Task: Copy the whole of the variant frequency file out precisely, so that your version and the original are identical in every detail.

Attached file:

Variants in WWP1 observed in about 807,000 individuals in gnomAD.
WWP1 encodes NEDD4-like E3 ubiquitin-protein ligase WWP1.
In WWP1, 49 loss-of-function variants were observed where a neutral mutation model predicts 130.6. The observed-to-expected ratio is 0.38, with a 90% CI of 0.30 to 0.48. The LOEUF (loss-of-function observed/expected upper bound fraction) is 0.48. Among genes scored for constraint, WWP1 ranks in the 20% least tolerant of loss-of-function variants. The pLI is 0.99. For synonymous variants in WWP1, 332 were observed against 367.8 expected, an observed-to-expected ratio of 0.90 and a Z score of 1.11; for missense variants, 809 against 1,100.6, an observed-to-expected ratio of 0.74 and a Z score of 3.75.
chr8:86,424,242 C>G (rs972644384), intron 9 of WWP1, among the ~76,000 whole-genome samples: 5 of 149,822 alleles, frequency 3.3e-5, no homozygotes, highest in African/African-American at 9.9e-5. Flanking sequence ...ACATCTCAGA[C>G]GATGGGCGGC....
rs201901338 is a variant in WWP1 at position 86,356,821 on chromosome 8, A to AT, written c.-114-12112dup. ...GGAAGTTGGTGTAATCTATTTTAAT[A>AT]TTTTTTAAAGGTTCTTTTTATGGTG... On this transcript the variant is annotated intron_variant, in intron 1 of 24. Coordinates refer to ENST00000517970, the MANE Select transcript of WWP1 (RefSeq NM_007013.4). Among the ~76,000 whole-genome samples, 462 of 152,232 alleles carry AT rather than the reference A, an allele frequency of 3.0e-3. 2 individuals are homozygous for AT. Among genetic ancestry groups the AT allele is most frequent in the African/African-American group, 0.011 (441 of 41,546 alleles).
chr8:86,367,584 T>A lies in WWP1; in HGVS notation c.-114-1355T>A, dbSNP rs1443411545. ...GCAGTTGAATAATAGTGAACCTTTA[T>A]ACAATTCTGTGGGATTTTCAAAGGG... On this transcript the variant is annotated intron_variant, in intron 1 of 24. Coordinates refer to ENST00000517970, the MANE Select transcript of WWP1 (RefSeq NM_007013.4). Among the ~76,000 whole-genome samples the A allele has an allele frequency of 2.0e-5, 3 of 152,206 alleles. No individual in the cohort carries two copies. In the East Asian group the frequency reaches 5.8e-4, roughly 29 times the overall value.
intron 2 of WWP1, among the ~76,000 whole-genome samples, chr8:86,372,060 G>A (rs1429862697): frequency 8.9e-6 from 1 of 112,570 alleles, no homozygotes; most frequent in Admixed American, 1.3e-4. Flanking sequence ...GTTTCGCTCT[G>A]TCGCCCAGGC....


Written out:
Variants in WWP1 observed in about 807,000 individuals in gnomAD.
WWP1 encodes NEDD4-like E3 ubiquitin-protein ligase WWP1.
In WWP1, 49 loss-of-function variants were observed where a neutral mutation model predicts 130.6. The observed-to-expected ratio is 0.38, with a 90% CI of 0.30 to 0.48. The LOEUF (loss-of-function observed/expected upper bound fraction) is 0.48. Among genes scored for constraint, WWP1 ranks in the 20% least tolerant of loss-of-function variants. The pLI is 0.99. For synonymous variants in WWP1, 332 were observed against 367.8 expected, an observed-to-expected ratio of 0.90 and a Z score of 1.11; for missense variants, 809 against 1,100.6, an observed-to-expected ratio of 0.74 and a Z score of 3.75.
chr8:86,424,242 C>G (rs972644384), intron 9 of WWP1, among the ~76,000 whole-genome samples: 5 of 149,822 alleles, frequency 3.3e-5, no homozygotes, highest in African/African-American at 9.9e-5. Flanking sequence ...ACATCTCAGA[C>G]GATGGGCGGC....
rs201901338 is a variant in WWP1 at position 86,356,821 on chromosome 8, A to AT, written c.-114-12112dup. ...GGAAGTTGGTGTAATCTATTTTAAT[A>AT]TTTTTTAAAGGTTCTTTTTATGGTG... On this transcript the variant is annotated intron_variant, in intron 1 of 24. Coordinates refer to ENST00000517970, the MANE Select transcript of WWP1 (RefSeq NM_007013.4). Among the ~76,000 whole-genome samples, 462 of 152,232 alleles carry AT rather than the reference A, an allele frequency of 3.0e-3. 2 individuals are homozygous for AT. Among genetic ancestry groups the AT allele is most frequent in the African/African-American group, 0.011 (441 of 41,546 alleles).
chr8:86,367,584 T>A lies in WWP1; in HGVS notation c.-114-1355T>A, dbSNP rs1443411545. ...GCAGTTGAATAATAGTGAACCTTTA[T>A]ACAATTCTGTGGGATTTTCAAAGGG... On this transcript the variant is annotated intron_variant, in intron 1 of 24. Coordinates refer to ENST00000517970, the MANE Select transcript of WWP1 (RefSeq NM_007013.4). Among the ~76,000 whole-genome samples the A allele has an allele frequency of 2.0e-5, 3 of 152,206 alleles. No individual in the cohort carries two copies. In the East Asian group the frequency reaches 5.8e-4, roughly 29 times the overall value.
intron 2 of WWP1, among the ~76,000 whole-genome samples, chr8:86,372,060 G>A (rs1429862697): frequency 8.9e-6 from 1 of 112,570 alleles, no homozygotes; most frequent in Admixed American, 1.3e-4. Flanking sequence ...GTTTCGCTCT[G>A]TCGCCCAGGC....